CT Colonography: Performance and Program Outcome Measures in an Older Screening Population 1

Department of Radiology, University of Wisconsin School of Medicine and Public Health, E3/311 Clinical Science Center, 600 Highland Ave, Madison, WI 53792-3252, USA.
Radiology (Impact Factor: 6.87). 02/2010; 254(2):493-500. DOI: 10.1148/radiol.09091478
Source: PubMed


To evaluate computed tomographic (CT) colonography performance and program outcome measures in an older cohort (65-79 years) of an established large-scale colorectal cancer screening program.
This HIPAA-compliant study was approved by the institutional review board; informed consent waived. Retrospective analysis of the 65-79-year-old cohort (n = 577) from the University of Wisconsin CT colonography screening program (n = 5176) was undertaken. Performance and outcome measures including advanced neoplasia prevalence and colonoscopy referral, extracolonic finding, extracolonic work-up, and complication rates were obtained by using a CT colonography database and review of medical records. Comparisons between the older cohort and the general screening population were made by using the Student t, Pearson chi(2), and Fisher exact tests. A P value <or= .05 was considered to indicate a significant difference.
With a 6-mm threshold for positivity, the overall referral rate to optical colonoscopy was 15.3% (88 of 577), leading to 277 polypectomies and the removal of 103 nondiminutive adenomas. For adenomas, the per-patient positivity rates were 10.9% (63 of 577) and 6.8% (39 of 577) at the 6- and 10-mm thresholds, respectively. The prevalence of advanced neoplasia was 7.6% (44 of 577). Fifty-four adenomas met advanced status, and five unsuspected cancers were detected. The advanced neoplasias identified were typically large, with a mean size of 21 mm. Potentially important extracolonic findings were seen in 15.4% (89 of 577) of patients, with a work-up rate of 7.8% (45 of 577). The majority of important extracolonic diagnoses were vascular aneurysms (n = 18). No major complications were encountered.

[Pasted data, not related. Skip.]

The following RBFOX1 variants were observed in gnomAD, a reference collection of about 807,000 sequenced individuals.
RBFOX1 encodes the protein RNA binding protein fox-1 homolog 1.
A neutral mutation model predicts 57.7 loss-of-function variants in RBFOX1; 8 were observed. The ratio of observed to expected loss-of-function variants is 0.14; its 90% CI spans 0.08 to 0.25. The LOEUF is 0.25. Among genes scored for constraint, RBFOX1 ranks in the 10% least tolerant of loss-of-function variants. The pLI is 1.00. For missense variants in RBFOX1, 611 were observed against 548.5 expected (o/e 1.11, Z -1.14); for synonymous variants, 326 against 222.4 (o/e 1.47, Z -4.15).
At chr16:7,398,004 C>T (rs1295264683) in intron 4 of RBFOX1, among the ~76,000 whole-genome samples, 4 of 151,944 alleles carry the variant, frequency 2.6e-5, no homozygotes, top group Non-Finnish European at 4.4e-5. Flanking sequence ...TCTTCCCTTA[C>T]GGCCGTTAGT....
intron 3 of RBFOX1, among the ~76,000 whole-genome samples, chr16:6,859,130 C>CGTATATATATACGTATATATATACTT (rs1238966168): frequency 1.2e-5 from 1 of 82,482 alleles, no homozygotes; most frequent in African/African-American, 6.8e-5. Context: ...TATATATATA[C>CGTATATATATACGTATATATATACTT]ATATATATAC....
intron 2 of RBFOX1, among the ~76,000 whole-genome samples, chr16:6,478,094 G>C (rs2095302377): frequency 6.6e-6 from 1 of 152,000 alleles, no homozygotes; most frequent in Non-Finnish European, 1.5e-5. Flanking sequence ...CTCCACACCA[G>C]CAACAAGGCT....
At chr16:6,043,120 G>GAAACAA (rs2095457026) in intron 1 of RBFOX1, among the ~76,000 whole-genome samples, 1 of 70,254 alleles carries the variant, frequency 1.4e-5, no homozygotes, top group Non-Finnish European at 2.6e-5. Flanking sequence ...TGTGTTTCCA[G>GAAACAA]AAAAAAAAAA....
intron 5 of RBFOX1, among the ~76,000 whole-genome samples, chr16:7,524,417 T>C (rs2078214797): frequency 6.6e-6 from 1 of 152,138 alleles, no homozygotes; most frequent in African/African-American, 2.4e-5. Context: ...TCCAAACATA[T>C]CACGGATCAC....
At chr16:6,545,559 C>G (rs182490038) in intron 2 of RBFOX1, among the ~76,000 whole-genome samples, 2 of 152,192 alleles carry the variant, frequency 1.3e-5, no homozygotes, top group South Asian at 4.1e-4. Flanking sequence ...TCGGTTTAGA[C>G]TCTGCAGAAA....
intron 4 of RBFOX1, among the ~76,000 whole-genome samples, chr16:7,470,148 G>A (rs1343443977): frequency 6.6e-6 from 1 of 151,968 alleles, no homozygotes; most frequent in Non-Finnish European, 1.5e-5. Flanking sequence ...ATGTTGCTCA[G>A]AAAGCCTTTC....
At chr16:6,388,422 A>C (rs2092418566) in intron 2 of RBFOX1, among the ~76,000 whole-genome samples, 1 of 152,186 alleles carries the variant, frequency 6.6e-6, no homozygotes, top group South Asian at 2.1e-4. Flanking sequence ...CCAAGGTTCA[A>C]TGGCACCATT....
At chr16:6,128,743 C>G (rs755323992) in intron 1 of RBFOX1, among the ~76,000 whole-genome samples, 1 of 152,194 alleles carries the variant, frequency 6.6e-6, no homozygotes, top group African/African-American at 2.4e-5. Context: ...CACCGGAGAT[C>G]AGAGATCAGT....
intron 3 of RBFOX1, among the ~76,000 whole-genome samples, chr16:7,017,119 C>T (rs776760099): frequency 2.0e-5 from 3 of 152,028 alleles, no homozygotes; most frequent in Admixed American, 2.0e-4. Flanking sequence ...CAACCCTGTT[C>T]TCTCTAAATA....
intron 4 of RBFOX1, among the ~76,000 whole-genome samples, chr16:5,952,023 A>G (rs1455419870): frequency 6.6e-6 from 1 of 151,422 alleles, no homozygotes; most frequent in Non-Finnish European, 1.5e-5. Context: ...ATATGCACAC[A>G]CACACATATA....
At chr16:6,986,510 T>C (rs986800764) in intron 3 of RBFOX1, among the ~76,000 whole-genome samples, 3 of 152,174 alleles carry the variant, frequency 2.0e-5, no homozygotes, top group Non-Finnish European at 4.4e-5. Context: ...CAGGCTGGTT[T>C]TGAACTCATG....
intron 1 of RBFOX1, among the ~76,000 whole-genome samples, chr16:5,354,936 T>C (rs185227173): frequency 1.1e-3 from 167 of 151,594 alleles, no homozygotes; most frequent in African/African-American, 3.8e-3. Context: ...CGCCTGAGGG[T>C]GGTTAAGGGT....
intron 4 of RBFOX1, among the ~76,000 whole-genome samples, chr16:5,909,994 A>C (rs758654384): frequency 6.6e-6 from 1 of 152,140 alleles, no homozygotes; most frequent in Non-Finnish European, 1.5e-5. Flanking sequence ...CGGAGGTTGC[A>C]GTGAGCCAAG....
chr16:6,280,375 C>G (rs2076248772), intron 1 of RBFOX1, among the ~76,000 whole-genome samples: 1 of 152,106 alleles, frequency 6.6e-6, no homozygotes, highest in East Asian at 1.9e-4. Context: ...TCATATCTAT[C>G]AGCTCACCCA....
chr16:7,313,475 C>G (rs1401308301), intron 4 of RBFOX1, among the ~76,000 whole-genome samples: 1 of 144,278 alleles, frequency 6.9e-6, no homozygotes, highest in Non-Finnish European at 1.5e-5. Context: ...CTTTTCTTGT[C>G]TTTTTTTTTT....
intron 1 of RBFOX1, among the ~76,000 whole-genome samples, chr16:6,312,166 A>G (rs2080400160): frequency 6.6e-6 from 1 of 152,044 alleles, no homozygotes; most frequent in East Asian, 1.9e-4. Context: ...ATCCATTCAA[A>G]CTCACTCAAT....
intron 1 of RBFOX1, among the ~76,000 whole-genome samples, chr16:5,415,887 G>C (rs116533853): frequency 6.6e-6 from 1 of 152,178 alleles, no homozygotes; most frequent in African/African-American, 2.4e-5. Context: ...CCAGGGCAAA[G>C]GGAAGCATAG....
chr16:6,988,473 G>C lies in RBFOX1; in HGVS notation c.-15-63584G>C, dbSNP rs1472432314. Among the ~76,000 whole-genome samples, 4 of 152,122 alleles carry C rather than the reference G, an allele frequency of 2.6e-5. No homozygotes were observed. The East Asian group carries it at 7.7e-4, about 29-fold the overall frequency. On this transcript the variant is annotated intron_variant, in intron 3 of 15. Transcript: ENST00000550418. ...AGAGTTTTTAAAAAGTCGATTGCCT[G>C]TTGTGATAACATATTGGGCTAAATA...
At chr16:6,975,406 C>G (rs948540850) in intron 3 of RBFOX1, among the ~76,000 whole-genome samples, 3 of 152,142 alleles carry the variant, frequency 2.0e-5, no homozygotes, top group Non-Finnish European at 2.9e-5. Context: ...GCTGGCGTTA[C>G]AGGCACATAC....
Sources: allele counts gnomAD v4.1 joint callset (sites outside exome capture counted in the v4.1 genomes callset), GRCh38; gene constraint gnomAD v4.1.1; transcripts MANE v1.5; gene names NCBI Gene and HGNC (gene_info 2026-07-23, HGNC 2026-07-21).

CT colonography is a safe and effective screening modality for the older population.

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    • "Our analyses suggest that patients who undergo initial CTC, with or without subsequent OC, may experience lower rates of serious gastrointestinal, other gastrointestinal and cardiovascular events compared to patients who receive initial OC. This finding is intuitively reasonable, given that CTC does not require sedation and the intention of CTC is to selectively refer the approximately 8–15% of patients with suspected clinically significant polyps (N6 mm) and masses to OC for further evaluation (Kim et al., 2007, 2010; Macari et al., 2011). However, it is important to recognize that we were unable to fully adjust for differences between the groups based upon the information available in claims data. "